Paul Catmur, the creative managing partner of Barnes, Catmur & Friends, shares his views on life, advertising and other annoyances, such as the unbundling of media.
A brief history of media
If, like me, you’re over 150 years old, you’ll know that the advertising industry all started with media.
Yes, children, there was a time before the internet, even before radio and TV, when newspapers were the only medium available. Oh, happy day. Enterprising individuals set themselves up as middlemen to sell space to advertisers who couldn’t be arsed with all the running around, and thus were born the very first media agencies.
In the 1850s one of these media men, a certain James Walter Thompson, hired a bunch of failed artists with beards, mild substance abuse and ironic t-shirts to help create his clients’ advertisements, and modern advertising began.
When I started as a copywriter in London a couple of years later I made sure that I worked closely with the agency’s media department. Not just because they were brimming with ideas to help my ads be seen by an enthusiastic public, but also that they had the best girls.
Everything turns to shit
Then, in the 1990s this cosy relationship began to go the way of most cosy relationships. A smart but underemployed media man had worked out that he could undercut the agencies by buying slabs of TV airtime at a discount rate and then passing it onto clients on the basis of cost rather than efficacy. He had very low overheads and was terribly persuasive so before long clients seduced by price rather than value wandered over to have a look.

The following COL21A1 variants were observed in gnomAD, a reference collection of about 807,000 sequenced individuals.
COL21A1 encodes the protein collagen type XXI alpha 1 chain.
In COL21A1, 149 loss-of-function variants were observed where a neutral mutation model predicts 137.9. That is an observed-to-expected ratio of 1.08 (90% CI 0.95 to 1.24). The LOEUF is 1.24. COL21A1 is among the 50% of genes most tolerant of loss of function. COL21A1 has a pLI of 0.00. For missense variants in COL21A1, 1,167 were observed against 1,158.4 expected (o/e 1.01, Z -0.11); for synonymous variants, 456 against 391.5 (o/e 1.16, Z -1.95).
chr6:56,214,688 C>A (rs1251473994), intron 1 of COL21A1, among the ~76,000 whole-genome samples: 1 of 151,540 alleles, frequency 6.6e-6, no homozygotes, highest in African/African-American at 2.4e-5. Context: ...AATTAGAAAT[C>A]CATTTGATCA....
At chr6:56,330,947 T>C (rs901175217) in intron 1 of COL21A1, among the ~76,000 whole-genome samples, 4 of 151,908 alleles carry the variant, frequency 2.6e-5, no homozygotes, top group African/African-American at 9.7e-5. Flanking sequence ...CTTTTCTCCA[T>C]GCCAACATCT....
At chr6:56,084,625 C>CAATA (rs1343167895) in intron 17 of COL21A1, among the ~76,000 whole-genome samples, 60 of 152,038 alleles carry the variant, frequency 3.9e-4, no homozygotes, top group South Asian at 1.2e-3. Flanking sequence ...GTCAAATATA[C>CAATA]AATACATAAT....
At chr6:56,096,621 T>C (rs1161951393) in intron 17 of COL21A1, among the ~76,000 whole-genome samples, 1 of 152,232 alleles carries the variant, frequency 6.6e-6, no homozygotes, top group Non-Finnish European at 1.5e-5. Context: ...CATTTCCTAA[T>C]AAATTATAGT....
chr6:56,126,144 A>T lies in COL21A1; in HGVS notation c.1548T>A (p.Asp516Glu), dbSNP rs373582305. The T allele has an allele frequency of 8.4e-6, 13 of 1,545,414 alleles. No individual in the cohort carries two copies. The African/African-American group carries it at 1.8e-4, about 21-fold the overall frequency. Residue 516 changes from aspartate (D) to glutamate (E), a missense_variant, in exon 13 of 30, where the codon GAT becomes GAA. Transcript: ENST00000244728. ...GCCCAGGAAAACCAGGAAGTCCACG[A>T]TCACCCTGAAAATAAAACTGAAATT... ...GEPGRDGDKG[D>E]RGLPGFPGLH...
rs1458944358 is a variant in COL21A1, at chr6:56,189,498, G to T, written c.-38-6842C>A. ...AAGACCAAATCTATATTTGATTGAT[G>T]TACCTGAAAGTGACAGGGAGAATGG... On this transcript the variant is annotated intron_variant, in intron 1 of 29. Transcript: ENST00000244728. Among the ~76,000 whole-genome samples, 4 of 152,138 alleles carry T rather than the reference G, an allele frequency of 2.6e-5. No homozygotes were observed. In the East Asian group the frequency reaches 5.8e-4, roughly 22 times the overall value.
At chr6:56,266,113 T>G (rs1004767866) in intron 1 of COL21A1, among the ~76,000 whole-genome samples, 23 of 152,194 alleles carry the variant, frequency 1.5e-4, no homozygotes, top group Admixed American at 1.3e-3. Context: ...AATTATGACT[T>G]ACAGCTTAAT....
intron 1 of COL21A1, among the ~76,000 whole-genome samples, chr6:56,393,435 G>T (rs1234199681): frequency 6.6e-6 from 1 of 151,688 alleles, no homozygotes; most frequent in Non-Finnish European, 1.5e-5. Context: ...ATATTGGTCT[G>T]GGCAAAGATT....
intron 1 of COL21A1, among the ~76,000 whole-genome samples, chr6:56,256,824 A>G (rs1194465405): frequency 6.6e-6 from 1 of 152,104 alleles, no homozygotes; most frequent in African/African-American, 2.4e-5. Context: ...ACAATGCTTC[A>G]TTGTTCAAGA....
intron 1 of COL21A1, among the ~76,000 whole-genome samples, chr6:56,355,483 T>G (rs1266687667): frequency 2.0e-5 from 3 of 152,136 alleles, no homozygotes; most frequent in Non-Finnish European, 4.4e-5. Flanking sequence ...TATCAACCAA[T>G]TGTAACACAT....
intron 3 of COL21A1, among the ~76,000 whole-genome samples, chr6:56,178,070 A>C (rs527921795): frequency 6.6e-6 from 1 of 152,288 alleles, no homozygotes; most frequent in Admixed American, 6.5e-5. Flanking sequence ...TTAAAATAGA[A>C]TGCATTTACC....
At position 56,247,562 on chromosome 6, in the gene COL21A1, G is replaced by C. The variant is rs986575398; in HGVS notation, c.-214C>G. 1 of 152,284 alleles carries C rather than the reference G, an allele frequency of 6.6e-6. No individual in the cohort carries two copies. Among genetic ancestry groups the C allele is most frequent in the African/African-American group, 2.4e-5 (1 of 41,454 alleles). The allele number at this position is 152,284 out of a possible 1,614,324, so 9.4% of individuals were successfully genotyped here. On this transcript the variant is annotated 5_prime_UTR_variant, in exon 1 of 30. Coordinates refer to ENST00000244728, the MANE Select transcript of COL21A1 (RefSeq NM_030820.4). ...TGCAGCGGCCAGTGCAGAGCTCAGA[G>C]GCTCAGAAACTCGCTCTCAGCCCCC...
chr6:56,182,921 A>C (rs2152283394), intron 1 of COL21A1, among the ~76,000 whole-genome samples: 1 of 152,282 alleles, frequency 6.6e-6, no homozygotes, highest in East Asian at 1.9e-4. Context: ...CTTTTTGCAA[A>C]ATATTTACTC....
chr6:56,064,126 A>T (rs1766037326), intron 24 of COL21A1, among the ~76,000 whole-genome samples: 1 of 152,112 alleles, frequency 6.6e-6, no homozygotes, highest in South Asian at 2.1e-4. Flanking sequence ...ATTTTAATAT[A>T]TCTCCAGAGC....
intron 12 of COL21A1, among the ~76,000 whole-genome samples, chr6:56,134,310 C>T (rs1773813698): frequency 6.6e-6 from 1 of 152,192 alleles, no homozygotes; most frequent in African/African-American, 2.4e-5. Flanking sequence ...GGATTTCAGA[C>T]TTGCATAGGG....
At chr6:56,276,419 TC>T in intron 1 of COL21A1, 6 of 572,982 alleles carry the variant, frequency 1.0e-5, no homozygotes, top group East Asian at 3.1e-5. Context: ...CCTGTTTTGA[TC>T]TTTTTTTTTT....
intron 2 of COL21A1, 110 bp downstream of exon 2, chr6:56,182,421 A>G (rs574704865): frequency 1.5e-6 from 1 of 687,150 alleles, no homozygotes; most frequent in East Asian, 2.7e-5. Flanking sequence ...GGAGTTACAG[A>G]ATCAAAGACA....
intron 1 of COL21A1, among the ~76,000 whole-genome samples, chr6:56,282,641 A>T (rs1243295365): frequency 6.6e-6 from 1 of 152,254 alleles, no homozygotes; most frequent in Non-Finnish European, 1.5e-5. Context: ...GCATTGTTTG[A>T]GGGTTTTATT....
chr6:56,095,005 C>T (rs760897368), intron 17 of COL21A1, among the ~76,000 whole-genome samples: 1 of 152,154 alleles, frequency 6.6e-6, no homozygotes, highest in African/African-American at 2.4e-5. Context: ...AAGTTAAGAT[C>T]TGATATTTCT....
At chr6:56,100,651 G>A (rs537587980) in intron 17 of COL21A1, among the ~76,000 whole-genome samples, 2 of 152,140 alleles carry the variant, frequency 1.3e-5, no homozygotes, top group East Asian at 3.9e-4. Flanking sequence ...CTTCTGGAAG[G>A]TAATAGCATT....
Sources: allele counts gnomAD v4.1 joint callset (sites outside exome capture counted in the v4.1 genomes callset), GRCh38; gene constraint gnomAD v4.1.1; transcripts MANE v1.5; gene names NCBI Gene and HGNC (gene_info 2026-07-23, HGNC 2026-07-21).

Worried by this defection, the full service agencies started to follow suit by unbundling their media into separate companies, still owned by the same global holding company. This was accelerated by the desire of the media directors to acquire clients which would have conflicted with those within the main agency. Gradually, independent media agencies became the norm, my media girls moved off to another postcode and I ran away to New Zealand to escape. A few years later Kiwi agencies caught up and went through the same unbundling process themselves.
This whole farrago was assisted by the way in which clients view the different disciplines of media and creative. In very general terms, creative agencies are viewed suspiciously as all their output mainly consists of expensive scribbles on a piece of paper. This is hard to put a value on and a tricky sell to the board. Media agencies, on the other hand, are seen as (relatively) more trustworthy types. Not just because media is by its nature something the accountants can actually see, but because their worth can be demonstrated by the discounts from ratecard that they cheerily wave at the clients on their way to lunch: ‘We’re not a cost, look at the money we saved you! Oysters anyone?’ The commission system assisted in this warped view of worth as media-only agencies can easily discount their own percentage by not having to pay for all those expensive creative types.
Why is this bad?
Well, if you are a large multinational with traditional advertising that you wish to bludgeon global consumers over the head with then perhaps this system has its upside. If, on the other hand, you have a limited budget and creative that you need to work as effectively as possible then it’s a bit of a bugger.